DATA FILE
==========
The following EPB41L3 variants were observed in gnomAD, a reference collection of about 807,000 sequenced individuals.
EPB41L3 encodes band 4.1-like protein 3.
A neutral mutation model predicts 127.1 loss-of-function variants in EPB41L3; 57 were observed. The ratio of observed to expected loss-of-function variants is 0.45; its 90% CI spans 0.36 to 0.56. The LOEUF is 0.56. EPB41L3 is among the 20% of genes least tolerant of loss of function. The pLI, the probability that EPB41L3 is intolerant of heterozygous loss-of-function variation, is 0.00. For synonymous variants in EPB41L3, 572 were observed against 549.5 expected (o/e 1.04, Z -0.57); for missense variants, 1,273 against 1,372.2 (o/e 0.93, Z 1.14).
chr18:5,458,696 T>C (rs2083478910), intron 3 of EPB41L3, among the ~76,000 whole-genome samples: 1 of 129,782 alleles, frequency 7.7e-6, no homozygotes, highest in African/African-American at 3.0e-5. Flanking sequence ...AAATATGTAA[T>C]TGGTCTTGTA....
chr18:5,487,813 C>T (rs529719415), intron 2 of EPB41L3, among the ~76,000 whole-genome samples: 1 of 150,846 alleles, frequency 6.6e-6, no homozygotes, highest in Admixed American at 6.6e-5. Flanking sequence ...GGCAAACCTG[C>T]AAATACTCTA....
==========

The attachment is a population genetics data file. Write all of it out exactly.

The following EPB41L3 variants were observed in gnomAD, a reference collection of about 807,000 sequenced individuals.
EPB41L3 encodes band 4.1-like protein 3.
A neutral mutation model predicts 127.1 loss-of-function variants in EPB41L3; 57 were observed. The ratio of observed to expected loss-of-function variants is 0.45; its 90% CI spans 0.36 to 0.56. The LOEUF is 0.56. EPB41L3 is among the 20% of genes least tolerant of loss of function. The pLI, the probability that EPB41L3 is intolerant of heterozygous loss-of-function variation, is 0.00. For synonymous variants in EPB41L3, 572 were observed against 549.5 expected (o/e 1.04, Z -0.57); for missense variants, 1,273 against 1,372.2 (o/e 0.93, Z 1.14).
chr18:5,458,696 T>C (rs2083478910), intron 3 of EPB41L3, among the ~76,000 whole-genome samples: 1 of 129,782 alleles, frequency 7.7e-6, no homozygotes, highest in African/African-American at 3.0e-5. Flanking sequence ...AAATATGTAA[T>C]TGGTCTTGTA....
chr18:5,487,813 C>T (rs529719415), intron 2 of EPB41L3, among the ~76,000 whole-genome samples: 1 of 150,846 alleles, frequency 6.6e-6, no homozygotes, highest in Admixed American at 6.6e-5. Flanking sequence ...GGCAAACCTG[C>T]AAATACTCTA....